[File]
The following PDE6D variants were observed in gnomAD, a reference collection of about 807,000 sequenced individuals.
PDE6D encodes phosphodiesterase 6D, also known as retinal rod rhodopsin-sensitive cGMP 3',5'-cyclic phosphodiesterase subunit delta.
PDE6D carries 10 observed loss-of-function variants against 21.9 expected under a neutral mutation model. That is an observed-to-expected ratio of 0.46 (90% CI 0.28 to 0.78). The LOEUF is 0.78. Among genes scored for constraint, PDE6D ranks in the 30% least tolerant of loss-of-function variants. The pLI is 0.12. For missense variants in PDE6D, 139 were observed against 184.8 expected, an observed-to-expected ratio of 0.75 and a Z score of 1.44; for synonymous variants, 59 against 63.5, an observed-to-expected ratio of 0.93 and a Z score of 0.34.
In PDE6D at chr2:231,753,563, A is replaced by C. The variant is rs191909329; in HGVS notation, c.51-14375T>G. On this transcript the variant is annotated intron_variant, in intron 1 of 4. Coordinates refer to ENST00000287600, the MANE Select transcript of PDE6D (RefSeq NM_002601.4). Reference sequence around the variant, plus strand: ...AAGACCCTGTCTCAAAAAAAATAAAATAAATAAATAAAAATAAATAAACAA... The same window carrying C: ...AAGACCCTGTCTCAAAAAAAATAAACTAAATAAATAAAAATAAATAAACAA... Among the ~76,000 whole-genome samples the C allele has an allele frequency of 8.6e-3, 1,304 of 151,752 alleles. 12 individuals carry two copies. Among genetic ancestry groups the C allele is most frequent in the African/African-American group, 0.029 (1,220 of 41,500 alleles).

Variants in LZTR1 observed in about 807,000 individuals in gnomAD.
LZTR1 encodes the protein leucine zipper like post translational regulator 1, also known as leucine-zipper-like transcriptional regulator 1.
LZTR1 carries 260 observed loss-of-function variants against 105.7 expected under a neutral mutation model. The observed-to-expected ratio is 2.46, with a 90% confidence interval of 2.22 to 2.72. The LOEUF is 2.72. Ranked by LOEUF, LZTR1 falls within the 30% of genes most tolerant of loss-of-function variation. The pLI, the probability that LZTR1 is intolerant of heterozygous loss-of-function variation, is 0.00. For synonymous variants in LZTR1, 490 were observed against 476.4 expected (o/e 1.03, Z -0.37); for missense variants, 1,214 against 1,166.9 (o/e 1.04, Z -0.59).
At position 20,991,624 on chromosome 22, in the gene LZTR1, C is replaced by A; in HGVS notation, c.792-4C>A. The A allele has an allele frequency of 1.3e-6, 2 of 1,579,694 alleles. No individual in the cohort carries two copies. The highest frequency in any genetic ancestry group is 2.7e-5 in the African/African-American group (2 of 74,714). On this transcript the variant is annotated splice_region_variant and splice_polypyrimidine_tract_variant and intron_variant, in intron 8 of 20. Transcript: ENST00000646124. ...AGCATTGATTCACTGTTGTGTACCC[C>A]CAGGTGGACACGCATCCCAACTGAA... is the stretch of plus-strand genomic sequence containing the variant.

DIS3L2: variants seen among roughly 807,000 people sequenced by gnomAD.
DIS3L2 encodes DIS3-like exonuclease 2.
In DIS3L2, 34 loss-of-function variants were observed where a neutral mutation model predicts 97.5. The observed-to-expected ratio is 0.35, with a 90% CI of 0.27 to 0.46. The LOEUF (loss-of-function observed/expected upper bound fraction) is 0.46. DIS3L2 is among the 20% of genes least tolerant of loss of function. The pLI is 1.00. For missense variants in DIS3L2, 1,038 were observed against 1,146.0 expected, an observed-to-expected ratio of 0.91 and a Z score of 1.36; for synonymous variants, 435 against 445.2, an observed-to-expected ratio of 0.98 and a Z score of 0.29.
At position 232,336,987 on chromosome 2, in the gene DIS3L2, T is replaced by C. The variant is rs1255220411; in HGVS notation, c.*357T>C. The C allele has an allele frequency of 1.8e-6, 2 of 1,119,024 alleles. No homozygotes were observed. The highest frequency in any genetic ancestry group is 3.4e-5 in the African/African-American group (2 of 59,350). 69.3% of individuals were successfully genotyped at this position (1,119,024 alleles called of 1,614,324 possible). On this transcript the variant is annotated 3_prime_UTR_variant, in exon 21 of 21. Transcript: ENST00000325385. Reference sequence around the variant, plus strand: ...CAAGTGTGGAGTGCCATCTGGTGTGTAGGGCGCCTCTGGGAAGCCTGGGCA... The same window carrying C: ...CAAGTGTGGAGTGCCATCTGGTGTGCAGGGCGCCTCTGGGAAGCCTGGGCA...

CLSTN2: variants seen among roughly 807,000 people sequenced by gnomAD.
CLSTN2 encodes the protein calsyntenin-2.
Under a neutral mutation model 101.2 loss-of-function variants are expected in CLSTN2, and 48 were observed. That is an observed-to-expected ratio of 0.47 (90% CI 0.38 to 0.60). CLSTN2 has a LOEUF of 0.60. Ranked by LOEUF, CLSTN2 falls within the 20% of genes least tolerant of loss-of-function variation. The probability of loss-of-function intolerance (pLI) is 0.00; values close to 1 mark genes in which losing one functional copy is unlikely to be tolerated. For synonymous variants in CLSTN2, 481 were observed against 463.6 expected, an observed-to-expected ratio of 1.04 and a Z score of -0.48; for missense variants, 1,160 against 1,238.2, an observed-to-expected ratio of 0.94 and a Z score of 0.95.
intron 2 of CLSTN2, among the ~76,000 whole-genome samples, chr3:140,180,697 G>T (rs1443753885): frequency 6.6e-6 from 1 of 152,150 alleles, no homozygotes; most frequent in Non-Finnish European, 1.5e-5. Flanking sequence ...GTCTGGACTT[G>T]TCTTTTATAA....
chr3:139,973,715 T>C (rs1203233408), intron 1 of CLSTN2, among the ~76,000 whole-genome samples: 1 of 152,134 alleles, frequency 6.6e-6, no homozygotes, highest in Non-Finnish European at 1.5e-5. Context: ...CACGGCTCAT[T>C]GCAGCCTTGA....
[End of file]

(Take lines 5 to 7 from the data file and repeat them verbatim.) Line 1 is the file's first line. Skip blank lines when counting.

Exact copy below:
Variants in LZTR1 observed in about 807,000 individuals in gnomAD.
LZTR1 encodes the protein leucine zipper like post translational regulator 1, also known as leucine-zipper-like transcriptional regulator 1.
LZTR1 carries 260 observed loss-of-function variants against 105.7 expected under a neutral mutation model. The observed-to-expected ratio is 2.46, with a 90% confidence interval of 2.22 to 2.72. The LOEUF is 2.72. Ranked by LOEUF, LZTR1 falls within the 30% of genes most tolerant of loss-of-function variation. The pLI, the probability that LZTR1 is intolerant of heterozygous loss-of-function variation, is 0.00. For synonymous variants in LZTR1, 490 were observed against 476.4 expected (o/e 1.03, Z -0.37); for missense variants, 1,214 against 1,166.9 (o/e 1.04, Z -0.59).